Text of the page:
What is the optimal amount of time to treat candidates for stem cell transplant (SCT) with Dara plus VCd?

Vaishali Sanchorawala, MD:
I am not a strong believer in induction therapy. Because the median time to hematologic response in Dara plus VCd is 60 days, 2‑4 cycles would be adequate for SCT. But if the patient has achieved a complete hematologic response with Dara plus VCd, I probably would not recommend SCT as consolidation, as we would for multiple myeloma. I would rather have the organs recover after Dara plus VCd and save SCT for later to treat a potential relapse.

What dosage of melphalan do you recommend for patients before they undergo SCT?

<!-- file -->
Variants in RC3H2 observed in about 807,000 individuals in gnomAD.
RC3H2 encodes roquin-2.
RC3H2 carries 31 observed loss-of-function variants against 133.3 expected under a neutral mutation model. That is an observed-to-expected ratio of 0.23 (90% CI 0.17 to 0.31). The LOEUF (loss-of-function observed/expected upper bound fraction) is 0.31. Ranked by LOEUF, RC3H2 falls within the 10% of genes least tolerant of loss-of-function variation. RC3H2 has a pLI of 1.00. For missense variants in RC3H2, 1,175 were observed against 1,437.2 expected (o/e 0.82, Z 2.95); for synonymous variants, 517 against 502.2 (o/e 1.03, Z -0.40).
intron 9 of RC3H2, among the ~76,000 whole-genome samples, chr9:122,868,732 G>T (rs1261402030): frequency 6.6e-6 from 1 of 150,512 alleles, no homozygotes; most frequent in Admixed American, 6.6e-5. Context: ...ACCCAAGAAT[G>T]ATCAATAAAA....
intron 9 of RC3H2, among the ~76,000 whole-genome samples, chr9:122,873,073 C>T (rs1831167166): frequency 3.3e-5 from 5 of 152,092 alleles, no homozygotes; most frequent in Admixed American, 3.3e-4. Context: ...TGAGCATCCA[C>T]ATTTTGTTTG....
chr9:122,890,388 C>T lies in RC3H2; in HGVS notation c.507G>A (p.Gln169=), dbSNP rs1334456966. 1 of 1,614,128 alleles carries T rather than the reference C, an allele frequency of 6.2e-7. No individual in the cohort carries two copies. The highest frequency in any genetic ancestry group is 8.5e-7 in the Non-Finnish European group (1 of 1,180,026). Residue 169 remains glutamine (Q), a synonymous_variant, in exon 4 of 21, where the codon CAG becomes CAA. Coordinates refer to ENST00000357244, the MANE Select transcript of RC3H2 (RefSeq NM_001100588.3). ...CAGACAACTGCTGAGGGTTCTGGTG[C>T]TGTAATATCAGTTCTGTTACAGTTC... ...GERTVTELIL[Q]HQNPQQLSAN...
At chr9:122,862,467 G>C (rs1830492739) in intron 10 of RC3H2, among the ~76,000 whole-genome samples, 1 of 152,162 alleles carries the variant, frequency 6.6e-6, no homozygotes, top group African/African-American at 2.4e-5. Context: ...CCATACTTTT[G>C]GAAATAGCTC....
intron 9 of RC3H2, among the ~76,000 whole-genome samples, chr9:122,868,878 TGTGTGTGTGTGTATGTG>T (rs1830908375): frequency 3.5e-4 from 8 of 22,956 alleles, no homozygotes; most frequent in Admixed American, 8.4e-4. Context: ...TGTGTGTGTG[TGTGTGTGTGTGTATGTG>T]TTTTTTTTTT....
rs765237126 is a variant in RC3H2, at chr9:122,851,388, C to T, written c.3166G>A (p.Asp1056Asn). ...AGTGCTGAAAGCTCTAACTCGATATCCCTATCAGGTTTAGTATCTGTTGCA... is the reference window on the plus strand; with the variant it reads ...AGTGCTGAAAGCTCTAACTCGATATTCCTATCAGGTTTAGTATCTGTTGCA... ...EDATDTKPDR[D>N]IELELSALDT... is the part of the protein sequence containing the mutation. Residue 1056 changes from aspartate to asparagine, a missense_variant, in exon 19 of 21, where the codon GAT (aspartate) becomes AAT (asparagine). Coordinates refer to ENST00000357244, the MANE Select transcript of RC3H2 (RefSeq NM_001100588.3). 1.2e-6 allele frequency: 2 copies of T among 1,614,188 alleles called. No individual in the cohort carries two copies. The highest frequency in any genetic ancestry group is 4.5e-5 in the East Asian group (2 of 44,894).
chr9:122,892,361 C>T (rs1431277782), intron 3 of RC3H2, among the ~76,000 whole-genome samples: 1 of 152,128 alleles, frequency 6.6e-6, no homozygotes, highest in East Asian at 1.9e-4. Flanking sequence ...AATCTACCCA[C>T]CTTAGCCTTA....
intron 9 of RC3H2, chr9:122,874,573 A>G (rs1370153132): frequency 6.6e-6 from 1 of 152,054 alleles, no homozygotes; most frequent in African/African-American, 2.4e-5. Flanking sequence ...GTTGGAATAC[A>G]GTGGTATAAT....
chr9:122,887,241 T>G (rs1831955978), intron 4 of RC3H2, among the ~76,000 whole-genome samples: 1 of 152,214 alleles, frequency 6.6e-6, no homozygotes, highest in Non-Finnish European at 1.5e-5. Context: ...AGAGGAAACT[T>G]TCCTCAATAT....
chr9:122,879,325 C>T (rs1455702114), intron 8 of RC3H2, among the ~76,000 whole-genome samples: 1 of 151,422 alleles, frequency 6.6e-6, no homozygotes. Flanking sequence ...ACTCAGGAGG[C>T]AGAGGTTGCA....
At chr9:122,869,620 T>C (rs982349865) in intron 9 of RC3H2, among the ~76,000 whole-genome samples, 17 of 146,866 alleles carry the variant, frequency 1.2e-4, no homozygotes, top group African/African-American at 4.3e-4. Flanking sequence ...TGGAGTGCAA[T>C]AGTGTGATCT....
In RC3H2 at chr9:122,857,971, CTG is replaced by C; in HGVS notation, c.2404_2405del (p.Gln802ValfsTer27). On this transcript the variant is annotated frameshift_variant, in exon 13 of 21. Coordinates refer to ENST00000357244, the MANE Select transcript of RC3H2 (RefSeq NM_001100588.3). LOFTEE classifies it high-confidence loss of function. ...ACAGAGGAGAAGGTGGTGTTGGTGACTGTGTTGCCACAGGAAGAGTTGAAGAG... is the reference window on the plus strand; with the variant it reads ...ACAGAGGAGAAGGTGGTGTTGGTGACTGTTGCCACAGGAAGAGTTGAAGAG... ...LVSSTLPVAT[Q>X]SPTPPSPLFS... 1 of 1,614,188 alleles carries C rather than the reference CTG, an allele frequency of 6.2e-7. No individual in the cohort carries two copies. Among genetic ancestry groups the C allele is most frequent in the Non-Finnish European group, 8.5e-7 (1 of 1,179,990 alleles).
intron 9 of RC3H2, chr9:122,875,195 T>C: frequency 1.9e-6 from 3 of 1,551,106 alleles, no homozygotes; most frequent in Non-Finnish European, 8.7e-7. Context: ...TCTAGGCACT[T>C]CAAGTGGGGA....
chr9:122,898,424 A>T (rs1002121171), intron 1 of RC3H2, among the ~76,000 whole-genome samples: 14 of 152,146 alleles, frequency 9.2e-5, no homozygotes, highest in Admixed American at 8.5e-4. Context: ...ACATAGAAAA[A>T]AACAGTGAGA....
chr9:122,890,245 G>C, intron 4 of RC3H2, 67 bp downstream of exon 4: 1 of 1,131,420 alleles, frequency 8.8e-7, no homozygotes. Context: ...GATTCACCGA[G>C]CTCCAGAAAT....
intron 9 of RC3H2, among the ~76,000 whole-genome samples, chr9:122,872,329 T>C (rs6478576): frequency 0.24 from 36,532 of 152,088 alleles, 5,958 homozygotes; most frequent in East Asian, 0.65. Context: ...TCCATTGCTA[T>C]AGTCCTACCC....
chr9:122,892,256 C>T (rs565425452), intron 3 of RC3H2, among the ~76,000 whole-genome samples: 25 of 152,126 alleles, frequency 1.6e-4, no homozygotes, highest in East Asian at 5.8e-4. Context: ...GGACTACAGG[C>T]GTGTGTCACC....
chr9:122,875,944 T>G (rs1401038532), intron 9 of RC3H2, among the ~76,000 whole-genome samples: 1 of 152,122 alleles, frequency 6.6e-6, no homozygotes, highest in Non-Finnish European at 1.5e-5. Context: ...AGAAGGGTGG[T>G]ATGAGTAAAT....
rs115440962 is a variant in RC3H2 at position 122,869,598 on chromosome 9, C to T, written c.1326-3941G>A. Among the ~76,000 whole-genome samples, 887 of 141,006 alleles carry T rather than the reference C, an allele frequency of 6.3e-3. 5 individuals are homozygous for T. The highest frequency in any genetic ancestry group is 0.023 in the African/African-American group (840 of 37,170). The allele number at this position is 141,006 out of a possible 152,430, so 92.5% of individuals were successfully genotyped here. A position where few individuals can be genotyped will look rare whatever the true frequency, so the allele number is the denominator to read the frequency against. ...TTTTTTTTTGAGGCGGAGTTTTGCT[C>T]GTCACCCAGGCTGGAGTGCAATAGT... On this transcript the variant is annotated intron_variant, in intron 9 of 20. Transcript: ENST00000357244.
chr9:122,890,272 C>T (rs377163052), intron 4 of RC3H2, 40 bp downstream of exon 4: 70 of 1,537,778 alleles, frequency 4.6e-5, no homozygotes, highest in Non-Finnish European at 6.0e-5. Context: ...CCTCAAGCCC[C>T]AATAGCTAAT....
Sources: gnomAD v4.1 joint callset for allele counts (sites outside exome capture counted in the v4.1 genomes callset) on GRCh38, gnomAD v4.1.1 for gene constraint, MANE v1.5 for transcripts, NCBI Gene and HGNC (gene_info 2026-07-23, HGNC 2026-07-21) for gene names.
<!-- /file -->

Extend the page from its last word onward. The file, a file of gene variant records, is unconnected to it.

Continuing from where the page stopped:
Vaishali Sanchorawala, MD:
The International Society of Amyloidosis and European Hematology Association recently published guidelines for high-dose chemotherapy and SCT for AL amyloidosis. The group recommended 200 mg/m2 of melphalan prior to SCT, specifically in the era of Dara plus VCd. A lower dose of melphalan reduces the rate of hematologic complete response, and the group did not think modified high‑dose melphalan should be offered unless patients have an estimated glomerular filtration rate of <30 mL/min/m2. Patients receiving dialysis who are going to be treated with SCT should probably get 140 (vs 200) mg/m2 of melphalan.

What is the best treatment for patients with AL amyloidosis who experience relapse?

Ankit Kansagra, MD: